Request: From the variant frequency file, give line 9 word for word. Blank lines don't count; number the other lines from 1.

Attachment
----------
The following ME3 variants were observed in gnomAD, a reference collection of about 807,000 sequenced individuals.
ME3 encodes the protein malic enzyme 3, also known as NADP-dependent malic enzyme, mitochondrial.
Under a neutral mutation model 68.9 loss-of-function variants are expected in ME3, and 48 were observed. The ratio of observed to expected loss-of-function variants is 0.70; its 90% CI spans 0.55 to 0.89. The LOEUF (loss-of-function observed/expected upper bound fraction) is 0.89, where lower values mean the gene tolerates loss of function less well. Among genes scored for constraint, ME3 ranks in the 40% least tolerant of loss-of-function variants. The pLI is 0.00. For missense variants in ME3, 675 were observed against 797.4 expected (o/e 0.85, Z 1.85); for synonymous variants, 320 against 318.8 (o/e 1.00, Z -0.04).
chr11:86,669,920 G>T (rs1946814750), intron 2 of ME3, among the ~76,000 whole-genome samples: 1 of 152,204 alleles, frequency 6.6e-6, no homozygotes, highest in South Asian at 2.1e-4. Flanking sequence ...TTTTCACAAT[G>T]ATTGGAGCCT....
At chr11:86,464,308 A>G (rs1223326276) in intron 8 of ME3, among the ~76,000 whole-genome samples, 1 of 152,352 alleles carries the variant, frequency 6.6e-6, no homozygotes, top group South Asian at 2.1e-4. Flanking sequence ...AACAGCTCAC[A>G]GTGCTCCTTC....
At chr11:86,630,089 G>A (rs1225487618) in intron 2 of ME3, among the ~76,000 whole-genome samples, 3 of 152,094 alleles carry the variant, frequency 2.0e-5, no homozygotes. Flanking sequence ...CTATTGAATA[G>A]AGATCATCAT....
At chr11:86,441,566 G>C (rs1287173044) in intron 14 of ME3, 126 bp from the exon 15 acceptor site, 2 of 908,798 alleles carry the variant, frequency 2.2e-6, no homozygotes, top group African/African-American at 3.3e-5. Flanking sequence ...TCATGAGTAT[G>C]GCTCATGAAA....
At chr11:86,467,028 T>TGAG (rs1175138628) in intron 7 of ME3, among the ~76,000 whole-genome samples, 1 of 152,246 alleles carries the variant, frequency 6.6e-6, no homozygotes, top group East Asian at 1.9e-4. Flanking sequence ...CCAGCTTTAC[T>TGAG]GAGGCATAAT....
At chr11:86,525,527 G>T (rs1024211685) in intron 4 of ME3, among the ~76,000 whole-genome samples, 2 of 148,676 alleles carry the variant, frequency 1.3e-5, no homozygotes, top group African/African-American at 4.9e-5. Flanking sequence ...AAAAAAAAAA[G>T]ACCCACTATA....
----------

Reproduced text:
At chr11:86,525,527 G>T (rs1024211685) in intron 4 of ME3, among the ~76,000 whole-genome samples, 2 of 148,676 alleles carry the variant, frequency 1.3e-5, no homozygotes, top group African/African-American at 4.9e-5. Flanking sequence ...AAAAAAAAAA[G>T]ACCCACTATA....